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Airball! Athletic Ineptitude Can Teach an Important Lesson


I’m bad at basketball.

Really, really bad at basketball.

My free throws are just awful—just seriously godawful, you guys. I’ve hit maybe, emphasis on the maybe, two or three “threes” in my unprofessional career. I’m pretty sure that setting a pick has something to do with farming. I couldn’t dunk with Kobe and a stepladder.

I’m okay with it though, because being godawful at basketball forces me to take myself as seriously as everyone else on my team. That is, to say, not seriously at all.

On defense, people score a lot of points on me. Like, way too many. There are fights over which team I’m not going to be on. “You take him.” No, you take him, we took the fourth grader so you have to take Ramey.”

Because of this, I opted not to play recreational (Rec) basketball. Instead of spending my time missing free throws, I’d rather not embarrass myself to an unhealthy degree.

I don’t participate in lunch table discussions on the “wetness” of Melo. Also, I pronounce it as “Mee-loo,” when it’s supposed to be more of a “mellow.”

The first time I heard someone on ESPN use “field goal” to refer to a basket made, I laughed and said to my dad, “Ha! Those idiots said field goal about basketball!”

A field goal is when you score in basketball,” he replied.

Ah,” I said, shocked at how little I know about a sport that practically everyone in the United States can play.

On some Friday nights, I’ve tried to play basketball without looking like a total buffoon—but on literally every occasion, I’ve failed. I succeed though, at entertaining the other team. Most guys that rely on me to not miss the basket by a margin of more than the broad side of a barn are usually less than pleased.

Try as I may to escape basketball, it haunts me. In gym, instead of just sticking with badminton, I’m forced to play basketball. I get “stuffed,” miss the backboard and the net and get stuffed again. Then I miss the backboard with a layup.

I don’t think I should be allowed to play basketball. It’s just not fair. I’m relatively short, have a vertical in the single digits, and my shooting style is heavy on the underhanded, Grannie-style shot.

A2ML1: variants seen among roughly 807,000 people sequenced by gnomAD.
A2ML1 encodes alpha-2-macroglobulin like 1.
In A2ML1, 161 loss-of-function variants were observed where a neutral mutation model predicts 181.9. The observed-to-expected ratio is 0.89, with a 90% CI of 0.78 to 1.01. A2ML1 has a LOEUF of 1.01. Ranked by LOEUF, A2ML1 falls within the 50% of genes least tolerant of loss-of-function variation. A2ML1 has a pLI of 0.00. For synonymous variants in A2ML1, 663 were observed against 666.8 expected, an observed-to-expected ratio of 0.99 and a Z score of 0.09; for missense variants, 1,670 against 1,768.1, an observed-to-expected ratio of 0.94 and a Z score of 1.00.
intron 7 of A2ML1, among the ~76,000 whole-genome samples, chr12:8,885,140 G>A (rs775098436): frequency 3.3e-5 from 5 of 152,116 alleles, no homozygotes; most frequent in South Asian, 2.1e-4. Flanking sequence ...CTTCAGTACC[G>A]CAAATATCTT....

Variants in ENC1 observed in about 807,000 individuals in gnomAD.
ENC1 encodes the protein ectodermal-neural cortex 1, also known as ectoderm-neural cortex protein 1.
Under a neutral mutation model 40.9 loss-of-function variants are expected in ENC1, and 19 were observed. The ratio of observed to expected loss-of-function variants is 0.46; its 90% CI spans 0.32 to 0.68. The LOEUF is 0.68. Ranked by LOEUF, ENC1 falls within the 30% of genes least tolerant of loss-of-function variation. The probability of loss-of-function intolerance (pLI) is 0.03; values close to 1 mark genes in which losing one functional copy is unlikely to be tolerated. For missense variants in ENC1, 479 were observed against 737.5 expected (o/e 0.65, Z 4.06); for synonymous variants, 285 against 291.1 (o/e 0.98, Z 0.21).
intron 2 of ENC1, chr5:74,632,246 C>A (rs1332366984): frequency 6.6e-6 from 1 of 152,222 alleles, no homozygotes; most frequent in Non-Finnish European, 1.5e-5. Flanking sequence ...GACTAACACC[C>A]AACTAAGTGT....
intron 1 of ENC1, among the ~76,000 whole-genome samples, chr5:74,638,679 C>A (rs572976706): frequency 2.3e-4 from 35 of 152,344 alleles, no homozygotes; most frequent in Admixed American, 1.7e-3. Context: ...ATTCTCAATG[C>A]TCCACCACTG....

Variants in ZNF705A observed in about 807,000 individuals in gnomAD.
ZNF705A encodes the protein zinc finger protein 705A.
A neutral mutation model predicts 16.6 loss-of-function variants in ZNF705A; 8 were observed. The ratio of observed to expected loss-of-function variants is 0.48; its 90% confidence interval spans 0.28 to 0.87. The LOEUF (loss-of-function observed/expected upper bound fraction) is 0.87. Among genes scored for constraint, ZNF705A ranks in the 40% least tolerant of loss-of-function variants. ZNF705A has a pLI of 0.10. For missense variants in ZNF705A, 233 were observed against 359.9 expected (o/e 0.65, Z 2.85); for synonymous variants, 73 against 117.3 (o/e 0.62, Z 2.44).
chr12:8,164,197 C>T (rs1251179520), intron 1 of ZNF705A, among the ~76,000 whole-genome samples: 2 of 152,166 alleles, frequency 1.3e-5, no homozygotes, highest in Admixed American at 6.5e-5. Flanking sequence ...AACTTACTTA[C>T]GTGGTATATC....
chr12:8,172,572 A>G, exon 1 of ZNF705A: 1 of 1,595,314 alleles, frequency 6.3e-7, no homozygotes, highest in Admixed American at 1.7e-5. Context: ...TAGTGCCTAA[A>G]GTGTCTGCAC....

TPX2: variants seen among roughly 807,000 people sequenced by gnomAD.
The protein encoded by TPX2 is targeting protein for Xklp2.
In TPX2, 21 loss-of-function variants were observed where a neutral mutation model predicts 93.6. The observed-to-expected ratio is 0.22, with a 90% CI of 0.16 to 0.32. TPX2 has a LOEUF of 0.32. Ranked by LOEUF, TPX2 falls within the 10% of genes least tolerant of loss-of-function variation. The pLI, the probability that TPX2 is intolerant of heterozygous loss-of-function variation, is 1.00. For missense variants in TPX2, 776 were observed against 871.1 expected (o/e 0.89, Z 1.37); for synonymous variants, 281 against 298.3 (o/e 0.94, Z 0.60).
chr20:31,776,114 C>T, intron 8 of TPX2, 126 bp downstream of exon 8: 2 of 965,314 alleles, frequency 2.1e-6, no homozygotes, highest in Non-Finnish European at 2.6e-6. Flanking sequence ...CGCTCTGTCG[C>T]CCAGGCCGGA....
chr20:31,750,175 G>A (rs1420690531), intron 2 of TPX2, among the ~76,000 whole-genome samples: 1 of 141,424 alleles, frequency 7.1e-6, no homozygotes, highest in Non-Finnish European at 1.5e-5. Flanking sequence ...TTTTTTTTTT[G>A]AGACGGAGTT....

In the meantime though, I’ll continue to take shots, miss, get made fun of, take another shot, get passed over for a fourth grader and smile the whole time. It’s not fun to be terrible at basketball, but it is fun to laugh at air ball after air ball that I throw in the general direction of the basket.

I’m trapped in a basketball world. Good thing I can laugh at myself, because I have to.


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About the Contributor
Chris Ramey
Chris Ramey, Staff Writer
From joining the water polo team to becoming web features editor, Chris Ramey ’14 has his high school career pretty laid out. Next on the agenda? An admirable ambition—he wants to be a Navy Seal. It was his dad’s involvement in the Marine Corps—more specifically Force Recon—that originally sparked his interest in becoming a Navy Seal. Ramey expects that a lot of the skills he gains from his Inklings experience will carry over to his practices later in life, and help him to model himself after his dad: tough, determined, and intelligent. “The training is arguably the hardest on the planet, and I like that as a challenge,” he says. “I’d like to be able to say I went in and came out with my head held high.” Ramey joined Inklings this year after having Ms. McNamee as an English teacher freshman year, and so far he has nothing but grand plans. He wants to make full use of the web capabilities, including videos—perhaps even partnering with STN.

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